Output Method

In this method, a country’s national income can be calculated by adding the output of all the firms in the economy to determine the nation’s output.

Product method is also known as output method or value added method. In this method, we calculate the national income in terms of final goods and services produced in an economy during a particular period of time. The final goods are those which are either available to the consumers for consumption or become a part of national wealth in the form of investment.

Product method is that which estimates the national income by measuring the contribution of final output and services by each producing enterprise in the domestic territory of a country during a given accounting period.

Classification of Productive Enterprises

The first step in this method of measuring national income is the classification of enterprises. All the productive enterprises in the economy are classified into three main categories, viz. (i) Primary Sector, (ii) Secondary Sector and (iii) Tertiary Sector. Let us briefly explain these sectors.

  • Primary Sector – Primary sector refers to that sector of the economy which exploits natural resources to produce goods. Agriculture and allied activities like mining, quarrying, fishing, forestry etc. are included in this sector.
  • Secondary Sector – The manufacturing sector of the economy which transforms one physical good into another is included in the secondary sector.
  • Tertiary Sector – The tertiary sector of the economy, generally known as the service sector consists of the provision of services instead of end products

Classification of Output

National output is classified into the following types:

  • Consumer Goods – Consumer goods are those goods which help in the further production of consumer gods. These are also called are also called capital goods.
  • Producer Goods– Producer goods are those goods which help in the further production of consumer goods. These are also called capital goods.
  • Govt. Produced Goods– These include defence, police, education, health care, roads, railways, ports, dams etc.
  • Net Exports– Net exports refer to the value of goods and services exported to the rest of the world minus the value of goods & services imported during an accounting year.

National Income accounting

Measurement of Value of Output

There are two methods of measuring the value of output. They are (i) Final output method, (ii) Value added method. Below we discuss these two approaches of product method of measuring national income.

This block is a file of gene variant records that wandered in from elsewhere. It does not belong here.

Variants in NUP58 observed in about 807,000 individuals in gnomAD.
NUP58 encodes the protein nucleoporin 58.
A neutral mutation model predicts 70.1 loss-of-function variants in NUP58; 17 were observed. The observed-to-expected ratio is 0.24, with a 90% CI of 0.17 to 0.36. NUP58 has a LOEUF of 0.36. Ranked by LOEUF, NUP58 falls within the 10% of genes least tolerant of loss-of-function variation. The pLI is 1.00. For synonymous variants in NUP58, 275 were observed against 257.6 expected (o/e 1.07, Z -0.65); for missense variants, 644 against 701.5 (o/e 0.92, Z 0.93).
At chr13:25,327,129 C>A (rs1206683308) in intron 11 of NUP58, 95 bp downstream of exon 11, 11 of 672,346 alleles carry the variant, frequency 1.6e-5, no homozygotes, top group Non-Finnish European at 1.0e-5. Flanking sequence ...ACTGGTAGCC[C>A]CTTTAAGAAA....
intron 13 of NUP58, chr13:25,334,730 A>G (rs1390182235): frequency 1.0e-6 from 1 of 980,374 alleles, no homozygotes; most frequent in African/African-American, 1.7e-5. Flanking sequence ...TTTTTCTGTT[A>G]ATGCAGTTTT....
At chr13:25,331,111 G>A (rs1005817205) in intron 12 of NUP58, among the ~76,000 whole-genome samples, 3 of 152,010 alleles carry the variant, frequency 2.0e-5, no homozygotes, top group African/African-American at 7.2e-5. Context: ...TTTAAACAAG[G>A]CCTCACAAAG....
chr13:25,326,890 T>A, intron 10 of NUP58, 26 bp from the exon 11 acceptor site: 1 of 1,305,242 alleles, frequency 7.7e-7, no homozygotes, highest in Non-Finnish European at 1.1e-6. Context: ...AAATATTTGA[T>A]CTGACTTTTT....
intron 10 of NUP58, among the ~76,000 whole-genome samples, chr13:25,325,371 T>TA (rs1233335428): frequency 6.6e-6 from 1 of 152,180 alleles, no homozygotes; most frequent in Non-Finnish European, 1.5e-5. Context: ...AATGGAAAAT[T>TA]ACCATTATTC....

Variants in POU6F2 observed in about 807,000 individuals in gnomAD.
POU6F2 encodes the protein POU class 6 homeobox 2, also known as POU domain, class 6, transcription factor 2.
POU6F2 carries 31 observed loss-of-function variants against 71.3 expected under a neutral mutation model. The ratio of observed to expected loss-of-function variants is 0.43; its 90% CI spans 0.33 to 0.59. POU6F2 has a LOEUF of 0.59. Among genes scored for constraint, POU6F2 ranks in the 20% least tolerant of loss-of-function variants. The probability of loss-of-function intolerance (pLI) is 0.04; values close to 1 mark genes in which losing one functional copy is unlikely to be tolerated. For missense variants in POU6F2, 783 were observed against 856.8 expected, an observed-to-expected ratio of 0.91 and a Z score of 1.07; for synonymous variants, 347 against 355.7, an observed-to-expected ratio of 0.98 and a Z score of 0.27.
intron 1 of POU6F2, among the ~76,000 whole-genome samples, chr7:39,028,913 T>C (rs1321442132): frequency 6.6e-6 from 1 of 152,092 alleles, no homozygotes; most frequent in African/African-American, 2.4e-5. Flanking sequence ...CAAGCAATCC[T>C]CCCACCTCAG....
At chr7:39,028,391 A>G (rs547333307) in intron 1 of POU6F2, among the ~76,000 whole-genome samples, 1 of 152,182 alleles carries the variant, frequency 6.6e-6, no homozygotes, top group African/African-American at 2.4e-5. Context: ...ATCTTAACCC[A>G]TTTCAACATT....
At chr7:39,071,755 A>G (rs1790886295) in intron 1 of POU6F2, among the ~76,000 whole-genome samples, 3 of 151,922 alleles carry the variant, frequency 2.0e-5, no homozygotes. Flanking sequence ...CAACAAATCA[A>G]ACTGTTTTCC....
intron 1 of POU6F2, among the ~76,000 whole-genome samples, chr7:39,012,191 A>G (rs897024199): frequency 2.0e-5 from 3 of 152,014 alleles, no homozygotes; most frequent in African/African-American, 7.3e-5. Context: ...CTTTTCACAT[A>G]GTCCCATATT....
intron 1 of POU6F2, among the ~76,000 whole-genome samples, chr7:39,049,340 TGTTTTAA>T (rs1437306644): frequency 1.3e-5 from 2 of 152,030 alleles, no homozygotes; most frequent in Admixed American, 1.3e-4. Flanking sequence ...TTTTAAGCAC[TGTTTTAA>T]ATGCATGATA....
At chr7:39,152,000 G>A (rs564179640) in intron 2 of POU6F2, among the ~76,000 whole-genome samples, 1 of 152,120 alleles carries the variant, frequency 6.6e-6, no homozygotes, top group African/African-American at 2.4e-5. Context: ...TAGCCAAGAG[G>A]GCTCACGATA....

(i) Final Output Method

In final method, we have to estimate the following element involved to arrive at the correct figure of the final output.

(a) Value of output

Here output means final goods as well as intermediate goods. The value of all these goods can be estimated by multiplying the quantity of output of each producing unit with the market price. This is equal to the value of sales and the change in stock.

(b) Value of intermediate consumption

The goods and services used by the firms as inputs are known as intermediate consumption. To calculate the value of intermediate consumption, we have to multiply the intermediate goods with the prices paid by the enterprises to purchase these goods.

(c) Consumption of fixed capital

Consumption of fixed capital means depreciation. When goods are produced, there is wear and tear of machines leading to the loss of value of the capital assets. To calculate this loss of value in an accounting period, we have to deduct the value of capital asset at the end of the period from the value of the asset at the beginning of the period.

According to final output method, the value of intermediate goods is deducted from the value of output. The quantity produced by each producing enterprise is multiplied by the market price. This gives us the value of output. From this, we deduct the value of intermediate consumption to arrive at the value of the output.


Value of final output= Value of output- Value of intermediate goods

When we add the market value of final output in the primary sector, secondary sector and that of tertiary sector, we arrive at gross domestic product at market price.

GDP at Market Price = Market value of final output of primary sector + Market value of final output of tertiary sector

By deducting depreciation from GDP at market price we can get net domestic product at market price. When we add net factor income from abroad, we get GNP and NNP at market price.